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When Adm. Mike Mullen stunned the Senate Armed Services committee earlier this month by saying it's time to stop kicking gay service members out just for being gay, he also acknowledged that the Defense Department is working in a data vacuum on this issue.
"I do not know what the impact will be, and I do not know what the implementation requirements will be," Mullen said. "There's very little objective data on this."
Now there is.
In the most comprehensive survey yet on service members' attitudes about gays in the military, more than 3,000 Military Times readers contacted randomly by e-mail and through fliers placed in random newsstand copies late last fall offer a clear glimpse about attitudes and experiences in today's military.
Respondents answered questions about their own sexual orientation, their attitudes about the current "don't ask, don't tell" policy, who should get to decide whether to change the law, and their level of concern about how a potential change could affect morale and unit cohesion.
The majority of troops are generally happy with the current policy. But opposition to a change is dropping steadily.
The percentage of respondents opposing repeal of "don't ask, don't tell" fell to just 51 percent, a decline of 12 percentage points since 2003. The percentage favoring repeal, meanwhile, rose over the same period 6 points, to 30 percent, among active-duty readers of Army Times, Air Force Times, Navy Times and Marine Corps Times. The survey was conducted from Nov. 11 through Nov. 30.
Military Times also interviewed about two dozen career service members for this article, including 11 who identified themselves as gay. We agreed not to identify them in order to protect their careers.
Repeal or not?
Perhaps no issue is quite as divisive as whether or not the law should be changed.
"I think it's time to repeal the law," said Air Force Maj. Mike Edinger, an 18-year veteran of space and missile operations. Married with children, Edinger said he used to oppose open service by gays.
"As you get older, your views change and are reflected by things that you experience in life," he said. "I had met, through my sister a number of years ago, a group of gay men that are friends of hers. They're all civilians, but … I got to know these guys. It was the first time I had ever met anybody that I knew was homosexual, and it really struck me how they're just like anybody else.
"And so then that starts making me think, why should they be treated any differently in terms of … service in the military?"
Army Maj. Christina Bembenek, a military intelligence officer, disagreed. "I think the law is fine as it is," she said. "It's not a perfect solution, but better than opening it up."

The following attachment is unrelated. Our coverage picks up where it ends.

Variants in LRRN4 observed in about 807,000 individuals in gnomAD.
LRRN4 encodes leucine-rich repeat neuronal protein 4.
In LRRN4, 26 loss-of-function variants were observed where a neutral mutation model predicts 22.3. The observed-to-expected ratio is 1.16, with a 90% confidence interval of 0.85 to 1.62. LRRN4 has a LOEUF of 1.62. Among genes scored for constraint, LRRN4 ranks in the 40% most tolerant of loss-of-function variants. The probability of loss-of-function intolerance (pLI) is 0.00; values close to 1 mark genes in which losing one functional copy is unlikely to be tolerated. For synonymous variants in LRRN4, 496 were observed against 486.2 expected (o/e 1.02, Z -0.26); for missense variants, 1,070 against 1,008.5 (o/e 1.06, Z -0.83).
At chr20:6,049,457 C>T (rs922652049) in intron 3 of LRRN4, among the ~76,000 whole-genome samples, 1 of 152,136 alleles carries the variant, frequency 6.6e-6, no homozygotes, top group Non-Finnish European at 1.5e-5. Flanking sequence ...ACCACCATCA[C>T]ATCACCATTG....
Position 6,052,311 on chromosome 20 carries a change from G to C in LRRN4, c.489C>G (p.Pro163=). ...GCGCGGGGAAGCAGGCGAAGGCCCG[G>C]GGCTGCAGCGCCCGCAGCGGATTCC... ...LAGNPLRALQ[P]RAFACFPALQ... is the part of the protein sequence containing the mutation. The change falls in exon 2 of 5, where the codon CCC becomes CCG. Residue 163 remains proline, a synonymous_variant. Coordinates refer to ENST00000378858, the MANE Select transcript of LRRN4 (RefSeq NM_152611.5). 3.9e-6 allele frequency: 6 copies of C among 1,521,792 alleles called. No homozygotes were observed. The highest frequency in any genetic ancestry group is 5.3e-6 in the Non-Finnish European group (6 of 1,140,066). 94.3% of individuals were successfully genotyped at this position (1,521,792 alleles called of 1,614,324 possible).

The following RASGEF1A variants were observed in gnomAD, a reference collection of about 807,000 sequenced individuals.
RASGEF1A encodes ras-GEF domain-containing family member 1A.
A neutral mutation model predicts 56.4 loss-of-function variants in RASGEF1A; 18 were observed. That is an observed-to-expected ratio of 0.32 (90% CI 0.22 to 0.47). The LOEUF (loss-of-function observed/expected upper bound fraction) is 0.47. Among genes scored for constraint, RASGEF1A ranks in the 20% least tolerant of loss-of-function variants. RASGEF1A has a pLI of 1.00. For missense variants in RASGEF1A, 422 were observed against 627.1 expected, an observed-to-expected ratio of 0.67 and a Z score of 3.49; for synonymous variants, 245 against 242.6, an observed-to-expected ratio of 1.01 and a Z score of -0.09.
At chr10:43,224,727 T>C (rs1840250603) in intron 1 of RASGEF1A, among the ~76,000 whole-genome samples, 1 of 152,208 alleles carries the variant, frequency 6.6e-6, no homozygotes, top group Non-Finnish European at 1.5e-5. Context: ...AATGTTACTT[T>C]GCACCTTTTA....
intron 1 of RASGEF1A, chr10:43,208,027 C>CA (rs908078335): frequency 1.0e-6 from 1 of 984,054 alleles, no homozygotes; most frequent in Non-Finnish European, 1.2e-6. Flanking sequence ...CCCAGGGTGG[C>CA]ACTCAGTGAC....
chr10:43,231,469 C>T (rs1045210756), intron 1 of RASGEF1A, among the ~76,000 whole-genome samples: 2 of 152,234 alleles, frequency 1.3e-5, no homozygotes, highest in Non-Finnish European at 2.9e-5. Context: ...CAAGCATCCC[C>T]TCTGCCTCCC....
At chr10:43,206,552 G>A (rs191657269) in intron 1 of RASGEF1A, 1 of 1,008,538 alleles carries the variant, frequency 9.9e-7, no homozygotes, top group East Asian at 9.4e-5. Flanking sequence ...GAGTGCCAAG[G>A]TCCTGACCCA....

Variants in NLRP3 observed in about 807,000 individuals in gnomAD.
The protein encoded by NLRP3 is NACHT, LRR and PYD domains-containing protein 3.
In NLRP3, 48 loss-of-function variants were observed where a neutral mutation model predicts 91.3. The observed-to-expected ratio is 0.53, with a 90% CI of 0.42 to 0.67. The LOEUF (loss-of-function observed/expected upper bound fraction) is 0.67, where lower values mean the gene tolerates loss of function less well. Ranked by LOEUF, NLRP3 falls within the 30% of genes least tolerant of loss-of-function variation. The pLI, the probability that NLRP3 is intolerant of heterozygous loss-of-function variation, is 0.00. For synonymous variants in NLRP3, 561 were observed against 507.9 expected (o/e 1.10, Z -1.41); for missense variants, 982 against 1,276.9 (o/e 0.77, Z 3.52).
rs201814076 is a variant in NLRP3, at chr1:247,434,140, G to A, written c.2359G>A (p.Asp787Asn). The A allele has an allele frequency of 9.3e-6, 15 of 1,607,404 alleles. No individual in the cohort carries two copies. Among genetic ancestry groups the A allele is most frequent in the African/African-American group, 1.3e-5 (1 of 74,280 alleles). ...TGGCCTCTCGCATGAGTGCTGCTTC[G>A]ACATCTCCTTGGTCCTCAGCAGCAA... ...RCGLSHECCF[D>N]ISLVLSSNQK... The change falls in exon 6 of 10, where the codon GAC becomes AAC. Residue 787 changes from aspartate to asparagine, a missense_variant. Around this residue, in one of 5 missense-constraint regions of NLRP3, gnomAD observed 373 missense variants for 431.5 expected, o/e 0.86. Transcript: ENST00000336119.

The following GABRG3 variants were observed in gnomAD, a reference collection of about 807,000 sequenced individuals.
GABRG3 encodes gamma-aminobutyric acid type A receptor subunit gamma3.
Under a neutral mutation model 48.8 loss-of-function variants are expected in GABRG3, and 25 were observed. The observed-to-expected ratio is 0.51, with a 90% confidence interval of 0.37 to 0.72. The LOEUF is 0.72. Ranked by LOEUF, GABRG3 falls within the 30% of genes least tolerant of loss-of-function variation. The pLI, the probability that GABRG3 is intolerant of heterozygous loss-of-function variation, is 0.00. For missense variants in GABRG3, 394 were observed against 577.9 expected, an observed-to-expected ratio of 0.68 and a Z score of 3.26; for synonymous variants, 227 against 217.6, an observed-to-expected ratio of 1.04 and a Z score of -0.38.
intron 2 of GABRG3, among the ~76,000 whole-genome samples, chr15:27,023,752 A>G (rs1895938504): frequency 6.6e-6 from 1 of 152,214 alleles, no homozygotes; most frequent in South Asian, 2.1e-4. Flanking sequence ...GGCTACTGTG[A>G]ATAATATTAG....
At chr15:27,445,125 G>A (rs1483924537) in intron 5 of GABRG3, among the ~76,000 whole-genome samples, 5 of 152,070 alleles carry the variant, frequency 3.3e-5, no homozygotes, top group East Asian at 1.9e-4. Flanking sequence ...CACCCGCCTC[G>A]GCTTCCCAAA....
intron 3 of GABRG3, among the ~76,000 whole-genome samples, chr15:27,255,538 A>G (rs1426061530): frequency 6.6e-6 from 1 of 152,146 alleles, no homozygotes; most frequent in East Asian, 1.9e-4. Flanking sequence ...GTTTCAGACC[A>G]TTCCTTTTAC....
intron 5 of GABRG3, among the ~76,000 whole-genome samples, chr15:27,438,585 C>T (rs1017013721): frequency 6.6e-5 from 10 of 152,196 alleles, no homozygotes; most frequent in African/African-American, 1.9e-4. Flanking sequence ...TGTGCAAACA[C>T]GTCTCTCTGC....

But troops interviewed for this article were generally united on two facts even before Mullen's Feb. 2 pronouncement: There are already gays serving in the military, and change is coming.
"Taking a look at where our nation is going. I think it's inevitable," said Marine Lt. Col. Alex Chatman, a pilot with 21 years of service. Chatman opposes homosexuality on religious grounds and believes sexual preference is a choice rather than genetic. "It's not whether I like it or not it's just a fact."
Among active-duty survey respondents, 2.1 percent identified themselves as gay or bisexual, while 3 percent said they were "unsure" or declined to answer. Women were three times more likely than men to report being gay or bisexual (5.4 percent to 1.7 percent).
Those figures are higher than in the society at large, according to an August 2009 Congressional Research Service Report on "don't ask, don't tell," which estimated 1.6 percent of the population is homosexual.
"I think people would be amazed at the number of people in the military who are gay," said a gay female Army first sergeant, who has deployed to Afghanistan twice. "I personally know a one-star, all the way down to a private. The gamut is so wide. But there really is no stereotype."
Most active-duty survey respondents, 57 percent, believe a member of their unit is gay. But of those, only 14 percent could say for sure the individual told them directly, for example.
The vast majority said they did not report the person's sexual orientation to their chain of command. When asked why not, three in 10 said, "I don't agree with the law excluding gays from the military." Four in 10 respondents cited other reasons, including one who said, "I didn't ask, the individual didn't tell."
A choice or genetics?
Proponents of repeal say it's a fundamental issue of fairness. Edinger called it a civil rights issue.